Although most people seem quite
comfortable talking about their physical health, emotional well-being, or
mental health, is an important aspect of our lives that still stays under
It seems strange that, when so many
subjects are open for discussion among ourselves, we seem reluctant or
embarrassed to talk about our mental health. For some people, to admit to
feeling down or anxious is still seen as a sign of weakness. Yet an ache, pain,
operation or physical illness can be freely discussed.
Psychological and psychiatric
conditions can have just as much of an impact on our lives as a physical
illness, so why do we feel embarrassed or worried about what other people may
think? Imagine if your spouse, friend, or someone in your family had a mental
health problem. How would you react? It’s easy to offer support to someone who
has a physical health problem or is dealing with an issue such as grief that we
can all relate to, but what about someone who feels depressed, extremely
anxious, hears voices, has severe mood swings, or thoughts about killing
themselves? What do you say?
The mind-body link
Our mind is intractably linked with
our physical body. It’s part of us, of who we are, and it accounts for those
unseen structures of our personality and the very essence that makes us an
individual. We think, feel, and react to situations first with our minds, then
with our physical bodies, often in quick response. Think about the big
adrenaline surge you experience when a car suddenly pulls out in front of you.
Before you physically react, your senses have interpreted the information and
have sent a message to the body, telling it to react-hopefully taking evasive
Thankfully, society is slowly
moving to a more comprehensive concept of health, where each person is not made
up of two separate entities of mind and body, but where more inclusive words
such as ‘wellness’ and ‘holistic’ are used more and more.
Stress is now established as a
contributing factor toward serious physical conditions, such as high blood
pressure, cardiovascular disease, stroke, headaches, high cholesterol, and some
cancers. Therefore, our ability to cope with stress (also a factor that makes
mental health problems worse), is an essential part of our lives to address,
just as vital as other important aspects such as diet and exercise.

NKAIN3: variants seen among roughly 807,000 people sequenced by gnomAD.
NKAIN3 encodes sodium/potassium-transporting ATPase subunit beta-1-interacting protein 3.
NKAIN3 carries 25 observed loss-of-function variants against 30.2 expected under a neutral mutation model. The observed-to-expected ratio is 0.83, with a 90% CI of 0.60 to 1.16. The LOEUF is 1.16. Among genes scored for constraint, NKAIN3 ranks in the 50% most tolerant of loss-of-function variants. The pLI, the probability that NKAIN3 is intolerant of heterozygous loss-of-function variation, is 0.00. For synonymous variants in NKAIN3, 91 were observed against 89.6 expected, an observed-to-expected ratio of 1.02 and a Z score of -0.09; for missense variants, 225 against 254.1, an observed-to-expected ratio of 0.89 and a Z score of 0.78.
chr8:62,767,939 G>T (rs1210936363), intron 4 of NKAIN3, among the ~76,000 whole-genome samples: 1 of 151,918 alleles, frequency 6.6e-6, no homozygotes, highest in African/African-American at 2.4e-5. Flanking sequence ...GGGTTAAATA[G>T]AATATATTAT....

Improving your mental health
Although there are lots of
strategies we can access to improve our mental health (including counselling!),
sometimes self-care and self-help aren’t enough and we may need medication,
short or long-term. In the case of physical conditions such as arthritic pain,
diabetes, or high cholesterol, many people need medication to maintain their
health despite any positive lifestyle changes they may make. However,
medication to maintain or improve our mental health still carries a stigma and
is often not something we are so ready to admit to needing. Like physical
illness, mental illness cuts across all aspects of society, irrespective of
age, race, religion, or income, and is not the result of personal weakness,
lack of character, intelligence, or poor upbringing.
Mental illness is not catching,
shameful or a weakness, and 25 per cent of all people at some point in their
lives will have a mental health problem (World Health Organisation 2001).
Consider for a moment your attitude
toward your own mental health. Is it positive, or are you dismissive and
believe that it will take care of itself? Take a few moments to revaluate your
attitude. After all, your mental health is part of you, so look after it.
Points to consider:
Know your own personal signs of
stress or of feeling overwhelmed.
Make a list of activities or
measures that help limit that stress.
Write your plan down-you’re
much more likely to keep to it!
Get support from those you
trust and are a positive influence in your life.
Consider counselling-at the
EAP. We can discuss these issues with you and help you to create your
To schedule a confidential appointment,
contact the Employee Assistance Programme on 949-9559.
Emma Roberts, BSc, PG Dip. CBT, RMHC, is a counsellor with EAP.